The kind old sun

Move him into the sun —
Gently its touch awoke him once,
At home, whispering of fields half-sown.
Always it woke him, even in France,
Until this morning and this snow.
If anything might rouse him now
The kind old sun will know.

Think how it wakes the seeds, —
Woke, once, the clays of a cold star.
Are limbs, so dear-achieved, are sides,
Full-nerved — still warm — too hard to stir?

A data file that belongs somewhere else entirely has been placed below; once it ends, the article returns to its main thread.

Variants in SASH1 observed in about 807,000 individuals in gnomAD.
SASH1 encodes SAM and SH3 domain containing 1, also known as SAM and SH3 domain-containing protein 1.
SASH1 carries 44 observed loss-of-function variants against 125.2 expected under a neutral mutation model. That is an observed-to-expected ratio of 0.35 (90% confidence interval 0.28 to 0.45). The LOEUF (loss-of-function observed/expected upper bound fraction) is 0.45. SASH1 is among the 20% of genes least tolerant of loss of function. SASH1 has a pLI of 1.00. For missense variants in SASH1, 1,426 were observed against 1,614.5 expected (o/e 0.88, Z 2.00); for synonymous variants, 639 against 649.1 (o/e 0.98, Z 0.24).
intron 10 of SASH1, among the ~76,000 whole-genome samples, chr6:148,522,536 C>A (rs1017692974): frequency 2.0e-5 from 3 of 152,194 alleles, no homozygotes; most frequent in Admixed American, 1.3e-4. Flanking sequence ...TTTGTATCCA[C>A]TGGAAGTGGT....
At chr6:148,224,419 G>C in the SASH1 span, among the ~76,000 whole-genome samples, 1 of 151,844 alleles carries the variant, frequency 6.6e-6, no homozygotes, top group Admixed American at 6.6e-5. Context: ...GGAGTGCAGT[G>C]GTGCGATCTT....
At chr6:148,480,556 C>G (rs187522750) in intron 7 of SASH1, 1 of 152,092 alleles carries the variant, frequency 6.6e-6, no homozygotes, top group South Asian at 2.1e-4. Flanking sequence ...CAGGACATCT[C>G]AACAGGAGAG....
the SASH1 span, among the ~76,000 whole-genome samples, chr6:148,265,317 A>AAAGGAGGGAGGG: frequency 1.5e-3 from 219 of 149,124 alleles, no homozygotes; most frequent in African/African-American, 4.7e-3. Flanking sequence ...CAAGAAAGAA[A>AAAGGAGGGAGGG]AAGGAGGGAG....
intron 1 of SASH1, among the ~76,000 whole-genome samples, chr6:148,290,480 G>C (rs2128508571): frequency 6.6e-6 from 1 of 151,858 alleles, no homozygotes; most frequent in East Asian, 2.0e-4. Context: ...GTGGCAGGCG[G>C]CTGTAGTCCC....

Was it for this the clay grew tall?
— O what made fatuous sunbeams toil
To break earth’s sleep at all?

Wilfrid Owen

Remembering Henry and Harry and Arthur and Philip and William and Andrew and Alan and …

And remembering Stephen R’s reflections, and the memorials across the years in town and village squares – here and abroad, and the infant shaking the trembling hand of a long-ago liberator, and the lone bugler remembering his daddy at The Tower …

Oh, remembering …

Let us stand in the warmth of the sun.

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